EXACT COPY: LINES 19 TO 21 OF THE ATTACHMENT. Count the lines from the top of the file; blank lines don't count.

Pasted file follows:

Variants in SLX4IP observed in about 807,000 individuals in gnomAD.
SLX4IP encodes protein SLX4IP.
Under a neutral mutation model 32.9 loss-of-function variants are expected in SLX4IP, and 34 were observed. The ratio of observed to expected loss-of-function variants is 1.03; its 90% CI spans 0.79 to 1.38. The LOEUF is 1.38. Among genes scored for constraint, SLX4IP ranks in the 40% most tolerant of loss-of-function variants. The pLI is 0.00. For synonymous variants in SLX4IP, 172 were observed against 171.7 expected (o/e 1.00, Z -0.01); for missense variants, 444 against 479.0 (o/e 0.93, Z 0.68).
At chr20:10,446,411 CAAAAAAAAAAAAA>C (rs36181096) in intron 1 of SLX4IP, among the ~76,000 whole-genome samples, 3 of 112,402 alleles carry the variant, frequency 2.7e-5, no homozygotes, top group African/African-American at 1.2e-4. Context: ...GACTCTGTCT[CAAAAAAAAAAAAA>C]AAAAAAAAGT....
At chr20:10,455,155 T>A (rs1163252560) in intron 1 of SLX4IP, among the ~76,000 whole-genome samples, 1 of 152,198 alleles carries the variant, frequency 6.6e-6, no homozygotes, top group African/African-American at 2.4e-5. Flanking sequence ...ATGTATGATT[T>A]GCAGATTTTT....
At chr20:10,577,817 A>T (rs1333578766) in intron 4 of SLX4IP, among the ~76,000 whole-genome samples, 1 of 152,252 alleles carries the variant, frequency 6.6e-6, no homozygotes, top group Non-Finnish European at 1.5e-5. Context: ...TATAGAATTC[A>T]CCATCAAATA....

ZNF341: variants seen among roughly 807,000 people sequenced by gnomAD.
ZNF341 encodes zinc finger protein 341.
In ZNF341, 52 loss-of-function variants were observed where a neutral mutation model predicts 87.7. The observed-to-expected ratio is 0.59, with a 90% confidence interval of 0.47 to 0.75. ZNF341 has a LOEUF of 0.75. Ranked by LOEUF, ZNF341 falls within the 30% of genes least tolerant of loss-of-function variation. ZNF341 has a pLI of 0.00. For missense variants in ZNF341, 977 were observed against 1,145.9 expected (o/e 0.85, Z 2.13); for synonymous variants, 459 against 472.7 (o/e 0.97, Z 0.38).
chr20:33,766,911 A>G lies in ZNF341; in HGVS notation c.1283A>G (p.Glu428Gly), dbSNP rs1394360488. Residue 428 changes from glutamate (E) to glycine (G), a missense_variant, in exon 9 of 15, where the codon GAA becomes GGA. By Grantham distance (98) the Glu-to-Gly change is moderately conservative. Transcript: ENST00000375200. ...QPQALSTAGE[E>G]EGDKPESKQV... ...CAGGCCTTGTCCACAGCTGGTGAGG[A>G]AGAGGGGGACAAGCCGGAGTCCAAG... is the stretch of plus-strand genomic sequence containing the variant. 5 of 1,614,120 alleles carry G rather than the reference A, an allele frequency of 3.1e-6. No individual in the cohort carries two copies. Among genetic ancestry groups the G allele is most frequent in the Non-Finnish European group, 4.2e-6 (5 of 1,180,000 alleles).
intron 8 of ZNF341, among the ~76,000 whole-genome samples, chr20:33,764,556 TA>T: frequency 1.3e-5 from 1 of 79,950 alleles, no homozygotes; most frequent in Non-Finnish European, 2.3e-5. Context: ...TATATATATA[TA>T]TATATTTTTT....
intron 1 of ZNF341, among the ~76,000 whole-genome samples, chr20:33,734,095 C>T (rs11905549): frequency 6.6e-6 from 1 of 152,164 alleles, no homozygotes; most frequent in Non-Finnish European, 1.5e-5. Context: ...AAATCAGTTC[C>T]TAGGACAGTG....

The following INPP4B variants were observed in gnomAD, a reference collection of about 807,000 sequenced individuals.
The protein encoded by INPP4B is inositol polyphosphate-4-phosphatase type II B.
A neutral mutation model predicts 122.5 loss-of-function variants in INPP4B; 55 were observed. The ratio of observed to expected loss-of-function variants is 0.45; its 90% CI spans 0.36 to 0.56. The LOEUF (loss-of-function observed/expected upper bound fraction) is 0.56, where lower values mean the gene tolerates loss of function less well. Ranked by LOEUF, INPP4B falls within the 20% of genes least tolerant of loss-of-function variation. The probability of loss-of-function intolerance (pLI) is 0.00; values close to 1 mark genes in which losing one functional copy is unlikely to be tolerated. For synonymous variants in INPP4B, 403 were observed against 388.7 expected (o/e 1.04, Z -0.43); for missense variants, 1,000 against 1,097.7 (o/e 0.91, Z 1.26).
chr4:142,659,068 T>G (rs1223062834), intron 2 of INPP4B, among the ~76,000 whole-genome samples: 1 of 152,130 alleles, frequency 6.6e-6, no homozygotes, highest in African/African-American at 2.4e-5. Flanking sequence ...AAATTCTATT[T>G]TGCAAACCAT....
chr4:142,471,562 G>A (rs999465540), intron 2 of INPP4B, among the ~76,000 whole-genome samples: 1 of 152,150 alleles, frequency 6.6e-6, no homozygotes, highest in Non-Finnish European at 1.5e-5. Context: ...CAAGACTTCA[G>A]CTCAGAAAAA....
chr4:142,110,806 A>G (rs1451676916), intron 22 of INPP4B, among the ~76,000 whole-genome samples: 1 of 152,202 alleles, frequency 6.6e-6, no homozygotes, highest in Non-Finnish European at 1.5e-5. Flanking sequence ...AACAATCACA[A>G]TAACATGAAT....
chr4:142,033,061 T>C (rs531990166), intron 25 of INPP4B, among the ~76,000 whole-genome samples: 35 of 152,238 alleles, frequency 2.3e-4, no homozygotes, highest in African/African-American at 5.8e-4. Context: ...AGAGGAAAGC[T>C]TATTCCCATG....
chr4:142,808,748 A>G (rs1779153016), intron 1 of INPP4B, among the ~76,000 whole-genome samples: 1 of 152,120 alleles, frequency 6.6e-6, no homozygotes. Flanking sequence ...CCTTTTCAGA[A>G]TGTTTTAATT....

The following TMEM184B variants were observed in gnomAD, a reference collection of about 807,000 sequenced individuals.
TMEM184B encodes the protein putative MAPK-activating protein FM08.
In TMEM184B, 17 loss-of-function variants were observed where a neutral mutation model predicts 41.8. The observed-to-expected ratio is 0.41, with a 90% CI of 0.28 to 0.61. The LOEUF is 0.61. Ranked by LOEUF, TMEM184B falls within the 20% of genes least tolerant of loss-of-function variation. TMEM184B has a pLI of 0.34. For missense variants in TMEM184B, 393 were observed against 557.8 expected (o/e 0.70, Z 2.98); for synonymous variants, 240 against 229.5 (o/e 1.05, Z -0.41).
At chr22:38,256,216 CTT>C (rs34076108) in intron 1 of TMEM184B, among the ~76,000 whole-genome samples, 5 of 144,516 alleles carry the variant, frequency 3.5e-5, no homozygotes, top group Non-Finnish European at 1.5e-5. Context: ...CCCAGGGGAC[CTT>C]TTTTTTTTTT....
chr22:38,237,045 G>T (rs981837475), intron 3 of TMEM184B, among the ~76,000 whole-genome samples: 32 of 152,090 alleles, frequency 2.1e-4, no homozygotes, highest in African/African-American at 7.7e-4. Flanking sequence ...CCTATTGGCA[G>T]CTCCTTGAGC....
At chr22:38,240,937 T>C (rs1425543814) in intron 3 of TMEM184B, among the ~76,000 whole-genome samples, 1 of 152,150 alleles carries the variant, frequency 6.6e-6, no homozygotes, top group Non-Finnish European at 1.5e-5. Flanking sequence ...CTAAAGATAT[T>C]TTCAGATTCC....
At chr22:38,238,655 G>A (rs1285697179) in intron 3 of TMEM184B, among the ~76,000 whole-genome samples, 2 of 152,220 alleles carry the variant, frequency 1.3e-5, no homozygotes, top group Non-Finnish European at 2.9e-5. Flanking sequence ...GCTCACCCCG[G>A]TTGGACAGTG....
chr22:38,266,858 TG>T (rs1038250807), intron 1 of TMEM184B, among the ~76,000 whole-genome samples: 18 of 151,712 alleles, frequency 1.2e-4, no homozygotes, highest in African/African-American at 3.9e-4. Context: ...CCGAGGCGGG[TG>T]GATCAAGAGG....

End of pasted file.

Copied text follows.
chr4:142,033,061 T>C (rs531990166), intron 25 of INPP4B, among the ~76,000 whole-genome samples: 35 of 152,238 alleles, frequency 2.3e-4, no homozygotes, highest in African/African-American at 5.8e-4. Context: ...AGAGGAAAGC[T>C]TATTCCCATG....
chr4:142,808,748 A>G (rs1779153016), intron 1 of INPP4B, among the ~76,000 whole-genome samples: 1 of 152,120 alleles, frequency 6.6e-6, no homozygotes. Flanking sequence ...CCTTTTCAGA[A>G]TGTTTTAATT....

The following TMEM184B variants were observed in gnomAD, a reference collection of about 807,000 sequenced individuals.